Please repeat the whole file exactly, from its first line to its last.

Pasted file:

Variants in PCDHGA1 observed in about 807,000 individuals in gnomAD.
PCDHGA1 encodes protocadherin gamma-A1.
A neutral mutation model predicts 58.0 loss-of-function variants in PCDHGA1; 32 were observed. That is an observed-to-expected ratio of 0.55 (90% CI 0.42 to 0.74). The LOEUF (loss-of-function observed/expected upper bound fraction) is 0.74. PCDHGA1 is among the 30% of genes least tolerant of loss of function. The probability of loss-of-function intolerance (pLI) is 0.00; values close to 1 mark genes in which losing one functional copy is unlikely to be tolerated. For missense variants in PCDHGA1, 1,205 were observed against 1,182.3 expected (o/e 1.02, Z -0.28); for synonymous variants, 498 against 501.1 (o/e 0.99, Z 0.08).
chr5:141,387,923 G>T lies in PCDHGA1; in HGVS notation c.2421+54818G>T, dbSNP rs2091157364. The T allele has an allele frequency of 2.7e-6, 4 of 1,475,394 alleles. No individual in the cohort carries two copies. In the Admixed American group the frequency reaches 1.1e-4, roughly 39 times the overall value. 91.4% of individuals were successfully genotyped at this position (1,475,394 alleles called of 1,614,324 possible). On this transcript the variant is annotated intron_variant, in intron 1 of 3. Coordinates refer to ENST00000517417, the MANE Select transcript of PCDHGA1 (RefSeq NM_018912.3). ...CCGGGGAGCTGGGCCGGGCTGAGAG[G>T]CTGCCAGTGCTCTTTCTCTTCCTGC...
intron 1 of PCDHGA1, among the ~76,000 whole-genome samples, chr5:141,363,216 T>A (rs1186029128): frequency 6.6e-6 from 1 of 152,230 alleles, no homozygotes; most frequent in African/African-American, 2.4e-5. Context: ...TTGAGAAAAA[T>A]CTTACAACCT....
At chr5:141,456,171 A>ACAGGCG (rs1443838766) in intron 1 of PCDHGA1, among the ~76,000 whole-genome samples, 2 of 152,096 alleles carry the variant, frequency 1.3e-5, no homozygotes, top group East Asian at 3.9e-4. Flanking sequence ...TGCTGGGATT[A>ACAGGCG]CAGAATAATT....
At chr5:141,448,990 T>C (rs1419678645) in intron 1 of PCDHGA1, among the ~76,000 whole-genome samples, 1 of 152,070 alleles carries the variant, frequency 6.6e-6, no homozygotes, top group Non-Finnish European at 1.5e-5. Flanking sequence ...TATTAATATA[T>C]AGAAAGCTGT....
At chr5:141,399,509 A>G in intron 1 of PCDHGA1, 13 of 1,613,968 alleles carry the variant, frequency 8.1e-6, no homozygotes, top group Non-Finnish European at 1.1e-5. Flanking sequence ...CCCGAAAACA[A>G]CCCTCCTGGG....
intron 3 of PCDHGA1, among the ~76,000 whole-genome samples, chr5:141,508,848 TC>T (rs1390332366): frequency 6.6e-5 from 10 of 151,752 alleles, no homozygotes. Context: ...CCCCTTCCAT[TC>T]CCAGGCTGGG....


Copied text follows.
Variants in PCDHGA1 observed in about 807,000 individuals in gnomAD.
PCDHGA1 encodes protocadherin gamma-A1.
A neutral mutation model predicts 58.0 loss-of-function variants in PCDHGA1; 32 were observed. That is an observed-to-expected ratio of 0.55 (90% CI 0.42 to 0.74). The LOEUF (loss-of-function observed/expected upper bound fraction) is 0.74. PCDHGA1 is among the 30% of genes least tolerant of loss of function. The probability of loss-of-function intolerance (pLI) is 0.00; values close to 1 mark genes in which losing one functional copy is unlikely to be tolerated. For missense variants in PCDHGA1, 1,205 were observed against 1,182.3 expected (o/e 1.02, Z -0.28); for synonymous variants, 498 against 501.1 (o/e 0.99, Z 0.08).
chr5:141,387,923 G>T lies in PCDHGA1; in HGVS notation c.2421+54818G>T, dbSNP rs2091157364. The T allele has an allele frequency of 2.7e-6, 4 of 1,475,394 alleles. No individual in the cohort carries two copies. In the Admixed American group the frequency reaches 1.1e-4, roughly 39 times the overall value. 91.4% of individuals were successfully genotyped at this position (1,475,394 alleles called of 1,614,324 possible). On this transcript the variant is annotated intron_variant, in intron 1 of 3. Coordinates refer to ENST00000517417, the MANE Select transcript of PCDHGA1 (RefSeq NM_018912.3). ...CCGGGGAGCTGGGCCGGGCTGAGAG[G>T]CTGCCAGTGCTCTTTCTCTTCCTGC...
intron 1 of PCDHGA1, among the ~76,000 whole-genome samples, chr5:141,363,216 T>A (rs1186029128): frequency 6.6e-6 from 1 of 152,230 alleles, no homozygotes; most frequent in African/African-American, 2.4e-5. Context: ...TTGAGAAAAA[T>A]CTTACAACCT....
At chr5:141,456,171 A>ACAGGCG (rs1443838766) in intron 1 of PCDHGA1, among the ~76,000 whole-genome samples, 2 of 152,096 alleles carry the variant, frequency 1.3e-5, no homozygotes, top group East Asian at 3.9e-4. Flanking sequence ...TGCTGGGATT[A>ACAGGCG]CAGAATAATT....
At chr5:141,448,990 T>C (rs1419678645) in intron 1 of PCDHGA1, among the ~76,000 whole-genome samples, 1 of 152,070 alleles carries the variant, frequency 6.6e-6, no homozygotes, top group Non-Finnish European at 1.5e-5. Flanking sequence ...TATTAATATA[T>C]AGAAAGCTGT....
At chr5:141,399,509 A>G in intron 1 of PCDHGA1, 13 of 1,613,968 alleles carry the variant, frequency 8.1e-6, no homozygotes, top group Non-Finnish European at 1.1e-5. Flanking sequence ...CCCGAAAACA[A>G]CCCTCCTGGG....
intron 3 of PCDHGA1, among the ~76,000 whole-genome samples, chr5:141,508,848 TC>T (rs1390332366): frequency 6.6e-5 from 10 of 151,752 alleles, no homozygotes. Context: ...CCCCTTCCAT[TC>T]CCAGGCTGGG....